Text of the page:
But, aside from the eccentricities, NaNoWriMo makes me grow as a person. I had no idea I was capable of writing this many words this fast. I’m actually on par with where I should be at this part of the month, something that’s never happened before. It’s quite an empowering experience to be able to come up with an entire story with just a few prompts and your own imagination.

This story has already taken twists and turns I didn’t expect and I’m sure there are more to come. It’s really a beautiful thing to acquaint yourself with characters and just let them talk to you. Here’s hoping mine keep talking!

*image credit: andy teo

Stories

The Fates (an excerpt)

1 November, 2011

Athena could not be fooled by her father, however. She stood tall and, as she had done many times before, swore to herself that she would never let a man be her undoing. She was not as weak as Hera. In fact, she was stronger, cleverer, and faster than any god, and more dangerous.

She did not need sex to feel powerful and she did not need love to get respect. She was admired and revered and worshipped far and wide and all she needed she got from her followers. Her wrath was her glory and her wit was her guide. Her wisdom made her a force to be reckoned with. Athena did not need the love of one man to make her happy; she had multitudes of worshippers who made her swell with pride.

Making her way around to the fountain, Athena filled her cup and drank to Dionysus as she passed. Everything seemed to be going rather swimmingly, especially for a party honoring Dionysus, but that did not last long. Although, the disruption wasn’t quite what Athena expected.

It was not a complete surprise when the Fates showed up, but when they climbed atop the table, Athena knew something was off. Clotho, Lachesis, and Atropos spoke with one voice that boomed over all of Mount Olympus.

“We are the Fates, the ones who hold your future in our hands. We spun the thread of life on our spindle, we measured the thread of life, and we cut the thread of life, which determines the outcome of all souls.

We are here tonight to inform you of your own destinies.

Because you have abused your power, playing with the lives of mortals for your own gain and entertainment, it is decided that you will suffer the consequences. You will be sentenced to life as humans. You will be given life, you will live life, and you will die. And then you will be given life again. You will live out the rest of your days in the form of those you sought to control for your own amusement.”

Stories

You Are What You Read (Or Write) or A Love Letter To NaNoWriMo

1 November, 2009

Every year on November 1st, I take out my laptop and open a completely new document and begin to write a novel. Throughout the month, I sneak writing in while getting ready for work, on the Metro commute, during my lunch hour, at cafes with friends, and in bed late into the night. I use my novel as an excuse to shut the world out and create something, to tell a story that hasn’t been told yet but which yearns to be heard.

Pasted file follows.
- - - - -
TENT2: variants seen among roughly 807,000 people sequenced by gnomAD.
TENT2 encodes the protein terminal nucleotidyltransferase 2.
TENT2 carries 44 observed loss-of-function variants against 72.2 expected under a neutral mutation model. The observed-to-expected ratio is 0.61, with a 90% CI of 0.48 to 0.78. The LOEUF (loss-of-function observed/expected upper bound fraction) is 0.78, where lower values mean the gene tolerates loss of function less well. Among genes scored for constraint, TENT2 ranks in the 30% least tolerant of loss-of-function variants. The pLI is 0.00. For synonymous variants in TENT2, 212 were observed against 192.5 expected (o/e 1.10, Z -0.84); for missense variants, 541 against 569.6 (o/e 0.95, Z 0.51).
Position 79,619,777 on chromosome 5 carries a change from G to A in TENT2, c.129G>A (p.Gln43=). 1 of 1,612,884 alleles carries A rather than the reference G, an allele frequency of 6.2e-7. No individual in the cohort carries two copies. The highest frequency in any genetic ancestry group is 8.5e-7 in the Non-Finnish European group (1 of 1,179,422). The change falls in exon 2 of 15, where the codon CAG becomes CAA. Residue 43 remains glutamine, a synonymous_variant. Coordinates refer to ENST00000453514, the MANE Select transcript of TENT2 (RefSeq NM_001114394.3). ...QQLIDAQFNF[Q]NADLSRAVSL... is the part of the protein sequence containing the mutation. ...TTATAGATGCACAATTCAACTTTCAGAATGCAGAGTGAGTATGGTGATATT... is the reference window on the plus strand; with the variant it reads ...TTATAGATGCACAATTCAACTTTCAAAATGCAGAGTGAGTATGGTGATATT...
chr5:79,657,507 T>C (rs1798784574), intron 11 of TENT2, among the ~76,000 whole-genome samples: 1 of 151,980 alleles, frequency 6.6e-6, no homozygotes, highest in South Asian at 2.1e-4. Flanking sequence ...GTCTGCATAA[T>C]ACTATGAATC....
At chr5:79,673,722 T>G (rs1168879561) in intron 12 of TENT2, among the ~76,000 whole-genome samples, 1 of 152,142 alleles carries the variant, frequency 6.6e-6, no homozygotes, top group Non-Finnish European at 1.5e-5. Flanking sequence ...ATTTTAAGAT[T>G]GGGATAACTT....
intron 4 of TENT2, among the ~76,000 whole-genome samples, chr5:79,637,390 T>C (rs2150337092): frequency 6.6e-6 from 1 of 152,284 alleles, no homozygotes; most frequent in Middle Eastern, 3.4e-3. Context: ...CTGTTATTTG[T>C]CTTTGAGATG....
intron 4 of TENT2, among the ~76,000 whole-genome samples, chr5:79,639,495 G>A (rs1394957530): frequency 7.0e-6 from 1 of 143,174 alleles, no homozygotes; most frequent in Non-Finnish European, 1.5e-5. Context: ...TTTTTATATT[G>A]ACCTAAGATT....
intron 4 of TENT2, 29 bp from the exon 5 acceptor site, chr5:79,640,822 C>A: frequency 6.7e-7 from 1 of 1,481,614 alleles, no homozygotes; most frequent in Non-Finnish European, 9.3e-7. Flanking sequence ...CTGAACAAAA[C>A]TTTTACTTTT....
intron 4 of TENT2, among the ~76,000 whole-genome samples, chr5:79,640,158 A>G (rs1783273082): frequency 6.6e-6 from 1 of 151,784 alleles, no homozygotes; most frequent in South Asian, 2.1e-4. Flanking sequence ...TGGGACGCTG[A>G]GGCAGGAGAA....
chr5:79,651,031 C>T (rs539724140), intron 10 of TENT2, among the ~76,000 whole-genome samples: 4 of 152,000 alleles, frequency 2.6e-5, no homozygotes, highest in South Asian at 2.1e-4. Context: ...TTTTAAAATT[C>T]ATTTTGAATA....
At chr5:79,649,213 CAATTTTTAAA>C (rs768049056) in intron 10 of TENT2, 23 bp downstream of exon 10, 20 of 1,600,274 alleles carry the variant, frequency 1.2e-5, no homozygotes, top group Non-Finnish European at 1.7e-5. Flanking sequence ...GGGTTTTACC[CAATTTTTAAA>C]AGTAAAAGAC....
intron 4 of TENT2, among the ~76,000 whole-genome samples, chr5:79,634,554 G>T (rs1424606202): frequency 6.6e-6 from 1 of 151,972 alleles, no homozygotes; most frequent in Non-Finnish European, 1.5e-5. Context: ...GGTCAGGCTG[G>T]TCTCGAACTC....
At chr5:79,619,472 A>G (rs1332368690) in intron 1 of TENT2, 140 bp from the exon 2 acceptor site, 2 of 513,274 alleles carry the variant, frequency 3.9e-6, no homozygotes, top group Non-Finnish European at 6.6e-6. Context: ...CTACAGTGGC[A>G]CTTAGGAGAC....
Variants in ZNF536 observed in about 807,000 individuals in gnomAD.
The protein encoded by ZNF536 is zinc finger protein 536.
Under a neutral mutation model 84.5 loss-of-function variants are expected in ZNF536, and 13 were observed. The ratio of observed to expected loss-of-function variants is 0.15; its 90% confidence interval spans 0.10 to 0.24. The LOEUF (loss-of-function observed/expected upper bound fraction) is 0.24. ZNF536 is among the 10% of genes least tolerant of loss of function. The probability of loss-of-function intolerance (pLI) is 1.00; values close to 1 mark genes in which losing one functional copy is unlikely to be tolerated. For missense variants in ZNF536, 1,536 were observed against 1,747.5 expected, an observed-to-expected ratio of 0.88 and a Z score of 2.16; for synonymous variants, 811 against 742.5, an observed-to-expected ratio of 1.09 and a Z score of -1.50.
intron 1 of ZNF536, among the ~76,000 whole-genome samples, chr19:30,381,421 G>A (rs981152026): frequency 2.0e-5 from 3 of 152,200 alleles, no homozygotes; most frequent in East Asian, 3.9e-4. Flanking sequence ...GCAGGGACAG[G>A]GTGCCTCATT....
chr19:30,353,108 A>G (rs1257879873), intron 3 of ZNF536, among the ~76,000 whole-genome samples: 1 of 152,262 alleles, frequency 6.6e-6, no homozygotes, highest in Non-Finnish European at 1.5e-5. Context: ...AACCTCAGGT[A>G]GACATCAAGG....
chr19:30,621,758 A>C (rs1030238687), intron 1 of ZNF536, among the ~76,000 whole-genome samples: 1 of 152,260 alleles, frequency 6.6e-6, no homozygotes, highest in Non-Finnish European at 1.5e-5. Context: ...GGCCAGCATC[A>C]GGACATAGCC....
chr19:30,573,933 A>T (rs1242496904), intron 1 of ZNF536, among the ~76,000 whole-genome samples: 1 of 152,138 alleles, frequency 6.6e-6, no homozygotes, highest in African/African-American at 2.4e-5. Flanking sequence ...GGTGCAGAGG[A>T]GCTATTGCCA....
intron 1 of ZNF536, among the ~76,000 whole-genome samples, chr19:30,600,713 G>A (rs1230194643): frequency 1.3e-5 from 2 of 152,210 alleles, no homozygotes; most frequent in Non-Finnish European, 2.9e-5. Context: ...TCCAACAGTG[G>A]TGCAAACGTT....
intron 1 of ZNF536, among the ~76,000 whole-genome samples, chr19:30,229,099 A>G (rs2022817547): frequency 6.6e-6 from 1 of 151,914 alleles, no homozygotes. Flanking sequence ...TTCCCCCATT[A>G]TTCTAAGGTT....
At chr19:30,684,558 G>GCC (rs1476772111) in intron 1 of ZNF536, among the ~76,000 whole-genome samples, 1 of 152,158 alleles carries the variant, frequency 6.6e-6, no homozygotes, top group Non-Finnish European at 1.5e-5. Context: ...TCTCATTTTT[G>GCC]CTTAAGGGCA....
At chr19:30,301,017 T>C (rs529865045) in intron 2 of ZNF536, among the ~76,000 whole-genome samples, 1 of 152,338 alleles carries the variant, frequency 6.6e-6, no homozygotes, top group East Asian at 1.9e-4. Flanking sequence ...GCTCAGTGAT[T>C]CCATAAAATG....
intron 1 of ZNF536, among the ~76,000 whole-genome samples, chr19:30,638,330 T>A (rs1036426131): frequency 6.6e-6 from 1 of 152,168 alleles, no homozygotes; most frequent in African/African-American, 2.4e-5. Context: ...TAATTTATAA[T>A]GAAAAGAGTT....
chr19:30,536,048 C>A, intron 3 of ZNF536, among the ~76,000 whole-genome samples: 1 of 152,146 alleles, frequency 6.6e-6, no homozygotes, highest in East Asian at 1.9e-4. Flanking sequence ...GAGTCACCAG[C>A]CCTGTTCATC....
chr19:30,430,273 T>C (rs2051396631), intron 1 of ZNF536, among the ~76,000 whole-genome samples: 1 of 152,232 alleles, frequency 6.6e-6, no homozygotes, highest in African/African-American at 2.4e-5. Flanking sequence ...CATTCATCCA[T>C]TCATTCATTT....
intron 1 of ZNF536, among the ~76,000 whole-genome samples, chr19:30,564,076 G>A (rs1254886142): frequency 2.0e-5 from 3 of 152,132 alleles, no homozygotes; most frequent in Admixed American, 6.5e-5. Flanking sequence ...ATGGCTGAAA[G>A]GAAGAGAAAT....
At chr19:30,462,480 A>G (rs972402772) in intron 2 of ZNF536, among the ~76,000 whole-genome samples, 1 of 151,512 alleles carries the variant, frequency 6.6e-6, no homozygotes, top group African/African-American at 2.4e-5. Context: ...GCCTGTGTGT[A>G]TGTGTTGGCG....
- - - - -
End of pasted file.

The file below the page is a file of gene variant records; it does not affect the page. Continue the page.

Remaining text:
Every year in November, I take part in a ritual called National Novel Writer’s Month. NaNoWriMo, as it is affectionately called by those who participate, is the pushing of anything and everything unnecessary out of the way in favor of writing a 50,000-word novel in just 30 days. NaNoWriMo, however, is about more than just the act of sitting and typing at a keyboard, it’s about the audacity to create something that no one has ever created before; it’s about making your own story a priority; it’s about telling truths that otherwise are never told for fear of not measuring up in length or beauty to someone else’s tales. In short, NaNoWriMo is an exercise in the human condition, in the preservation of ideals, an act of oral history and collective consciousness.

It’s all very exciting, this grand writing adventure, but it is not without it’s pitfalls and gaping holes and terrible faults. NaNoWriMo forces the novelist to make some potentially unhealthy decisions (for instance, should I stay up and drink more caffeine and write all hours of the night or get sleep so that I will be awake for work/school/insert activity here?), push friends and family away with cranky retorts and excuses such as “I must make my word count for the day,” “Not now, I’m writing a novel,” and “Mommy needs to finish this chapter first.”

What most people never realize until they have finished an undertaking like NaNoWriMo is that, just by attempting the feat, the experience inherently changes you. Of course, I’m a completely different person than I was before I started writing novels five years ago, but the wonder is that my writing has changed me. I have written spirituality-centered fiction, mystery, literary fiction, and will be writing in the fantasy and horror genres this year. I have expanded my horizons in terms of what I read based on the books others recommended during NaNoWriMo and have incorporated aspects of these real-life characters into my writing.

In the exercise of writing fiction, as in journaling, painting, or meditating, I have found a strength I didn’t know I had. After all, if I can write 33,000 words in one month (my personal best), what else can I do that I didn’t think was possible? I have looked at characters I created and found parts of myself in them or the best traits of my best friends rolled together with the worst flaws of people I know to be bad influences on me. And most importantly, I have learned how to shut out the bad, to learn from the good, and what exactly the difference is between fiction and reality.

And so, I leave you with these words of wisdom, from the great author Neil Gaiman:

“Fairy tales are more than true: not because they tell us that dragons exist, but because they tell us that dragons can be beaten.”